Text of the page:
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Press Release 08-24-2023

EEOC Sues Hooters of America for Race and Color Discrimination

Federal Agency Charges Restaurant Failed to Recall Employees Based on Race and/or Color

GREENSBORO, N.C. – Hooters of America, LLC, a Georgia Corporation, violated federal law when it failed to recall employees after a COVID-motivated layoff because they were Black and/or had dark skin tones, the U.S. Equal Employment Opportunity Commission (EEOC) alleged in a lawsuit it filed today.

In March of 2020, the Greensboro Hooters restaurant laid off approximately 43 employees in response to the COVID-19 pandemic. The EEOC’s lawsuit alleges that a class of employees who were Black and/or had dark skin tones and worked as “Hooters Girls” at the Greensboro restaurant were among those laid off. When the restaurant began recalling employees to return to work in May of 2020, the restaurant recalled mostly employees who were White or had light skin tones, the EEOC says.

Of the 13 Hooters Girls recalled to the Greensboro location in May 2020, 12 were white and/or had light skin tones, reflecting a marked shift in the racial composition of the restaurant’s Hooters Girls workforce. Prior to the layoffs, 51% of the Hooters Girls were Black and/or had dark skin tones. After the May 2020 recall, only 8% of the Hooters Girls were Black and/or had dark skin tones. According to the complaint, Hooters Girls with dark skin tones experienced racial hostility and observed preferential treatment of White employees while employed at the restaurant.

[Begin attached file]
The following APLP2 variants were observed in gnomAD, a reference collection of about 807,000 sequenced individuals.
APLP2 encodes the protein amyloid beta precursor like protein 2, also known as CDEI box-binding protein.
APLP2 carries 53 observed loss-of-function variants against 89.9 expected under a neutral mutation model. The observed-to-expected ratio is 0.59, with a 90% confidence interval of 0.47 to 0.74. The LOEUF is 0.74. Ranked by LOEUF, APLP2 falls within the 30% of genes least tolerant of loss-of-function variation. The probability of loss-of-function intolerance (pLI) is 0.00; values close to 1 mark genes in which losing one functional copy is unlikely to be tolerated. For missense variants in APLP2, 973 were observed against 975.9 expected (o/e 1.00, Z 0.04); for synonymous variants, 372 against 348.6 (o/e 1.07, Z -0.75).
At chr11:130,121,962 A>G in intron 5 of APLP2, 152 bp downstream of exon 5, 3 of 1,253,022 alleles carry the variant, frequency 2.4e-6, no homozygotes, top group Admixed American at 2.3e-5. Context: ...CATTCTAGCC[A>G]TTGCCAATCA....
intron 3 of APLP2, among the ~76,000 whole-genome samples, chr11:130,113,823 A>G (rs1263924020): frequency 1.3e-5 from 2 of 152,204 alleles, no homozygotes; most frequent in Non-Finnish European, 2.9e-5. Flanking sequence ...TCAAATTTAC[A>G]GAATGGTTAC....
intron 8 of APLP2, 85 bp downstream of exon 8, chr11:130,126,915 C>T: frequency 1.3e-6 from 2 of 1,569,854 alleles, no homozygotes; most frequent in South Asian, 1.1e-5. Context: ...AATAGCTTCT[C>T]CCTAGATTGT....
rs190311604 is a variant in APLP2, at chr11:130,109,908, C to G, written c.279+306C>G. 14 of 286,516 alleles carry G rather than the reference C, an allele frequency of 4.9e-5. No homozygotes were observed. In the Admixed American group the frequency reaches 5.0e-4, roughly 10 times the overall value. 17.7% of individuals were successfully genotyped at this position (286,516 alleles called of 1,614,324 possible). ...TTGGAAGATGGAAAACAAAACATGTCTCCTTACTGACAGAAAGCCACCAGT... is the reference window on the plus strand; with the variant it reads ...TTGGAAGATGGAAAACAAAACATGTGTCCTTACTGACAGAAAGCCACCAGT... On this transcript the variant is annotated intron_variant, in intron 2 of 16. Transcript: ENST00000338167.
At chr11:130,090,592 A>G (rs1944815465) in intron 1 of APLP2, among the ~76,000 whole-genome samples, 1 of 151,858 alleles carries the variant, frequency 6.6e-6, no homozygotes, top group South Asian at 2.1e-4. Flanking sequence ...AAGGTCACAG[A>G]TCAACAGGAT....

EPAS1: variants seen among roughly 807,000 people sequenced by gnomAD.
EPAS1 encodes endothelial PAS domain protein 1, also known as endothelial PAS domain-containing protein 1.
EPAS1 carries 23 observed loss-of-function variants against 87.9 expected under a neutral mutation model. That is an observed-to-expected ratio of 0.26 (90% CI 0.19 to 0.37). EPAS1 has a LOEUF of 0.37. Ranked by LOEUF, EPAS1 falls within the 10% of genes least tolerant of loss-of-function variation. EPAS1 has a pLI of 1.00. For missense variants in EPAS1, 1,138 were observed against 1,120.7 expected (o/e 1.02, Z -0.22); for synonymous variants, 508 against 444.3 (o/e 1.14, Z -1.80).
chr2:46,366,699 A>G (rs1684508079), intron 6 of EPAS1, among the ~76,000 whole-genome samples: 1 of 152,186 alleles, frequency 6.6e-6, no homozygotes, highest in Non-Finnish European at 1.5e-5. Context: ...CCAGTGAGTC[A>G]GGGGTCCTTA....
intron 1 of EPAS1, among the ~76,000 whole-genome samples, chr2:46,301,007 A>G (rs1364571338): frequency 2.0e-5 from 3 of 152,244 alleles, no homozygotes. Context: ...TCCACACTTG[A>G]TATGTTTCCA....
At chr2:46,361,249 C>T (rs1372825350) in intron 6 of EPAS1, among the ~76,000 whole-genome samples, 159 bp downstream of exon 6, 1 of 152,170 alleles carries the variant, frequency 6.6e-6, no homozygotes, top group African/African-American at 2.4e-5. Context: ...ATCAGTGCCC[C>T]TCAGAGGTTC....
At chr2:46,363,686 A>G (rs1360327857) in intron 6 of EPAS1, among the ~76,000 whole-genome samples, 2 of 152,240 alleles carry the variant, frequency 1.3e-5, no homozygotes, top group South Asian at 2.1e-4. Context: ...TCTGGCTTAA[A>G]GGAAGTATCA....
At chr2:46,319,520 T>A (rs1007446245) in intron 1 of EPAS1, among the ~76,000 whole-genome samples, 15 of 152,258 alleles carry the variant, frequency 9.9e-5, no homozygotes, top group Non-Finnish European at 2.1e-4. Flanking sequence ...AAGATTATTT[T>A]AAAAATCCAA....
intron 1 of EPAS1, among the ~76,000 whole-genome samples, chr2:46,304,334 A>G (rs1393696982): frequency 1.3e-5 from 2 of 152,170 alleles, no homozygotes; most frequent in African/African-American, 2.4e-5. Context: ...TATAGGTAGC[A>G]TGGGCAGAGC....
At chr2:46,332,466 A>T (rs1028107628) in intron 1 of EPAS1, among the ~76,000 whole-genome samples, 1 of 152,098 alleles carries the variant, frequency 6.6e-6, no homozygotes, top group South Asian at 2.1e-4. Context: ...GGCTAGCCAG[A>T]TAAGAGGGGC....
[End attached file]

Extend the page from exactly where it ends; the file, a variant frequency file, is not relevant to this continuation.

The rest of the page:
Such conduct violates the Title VII of the Civil Rights Act of 1964, which protects individuals from workplace discrimination and harassment. The EEOC filed suit in U.S. District Court for the Middle District of North Carolina (Equal Employment Opportunity Commission v. Hooters of America, LLC, Civil Action No.: 1:23-cv-00722) after first attempting to reach a pre-litigation settlement through its voluntary conciliation process.

The EEOC seeks monetary relief for the employees, including back pay, and compensatory and punitive damages. The EEOC also seeks injunctive relief against the company to end any ongoing discrimination and to prevent such unlawful conduct in the future.

“When recalling employees from a layoff, it is critical that employers examine their selection criteria to ensure they are objectively verifiable and free from racial bias,” said Melinda C. Dugas, regional attorney for the EEOC's Charlotte District. “Federal law protects employees from race-based decision making in the terms of employment, including in layoff, recall and hiring decisions.”

Charlotte District Director Betsy Rader noted, “Title VII of the Civil Rights Act of 1964 also prohibits employment decisions based on color, including discrimination based on the lightness or darkness of a person’s skin shade or tone.”

The EEOC’s Charlotte District is charged with enforcing federal employment anti-discrimination laws in North Carolina, South Carolina, and Virginia.

For more information on race and color discrimination, please visit

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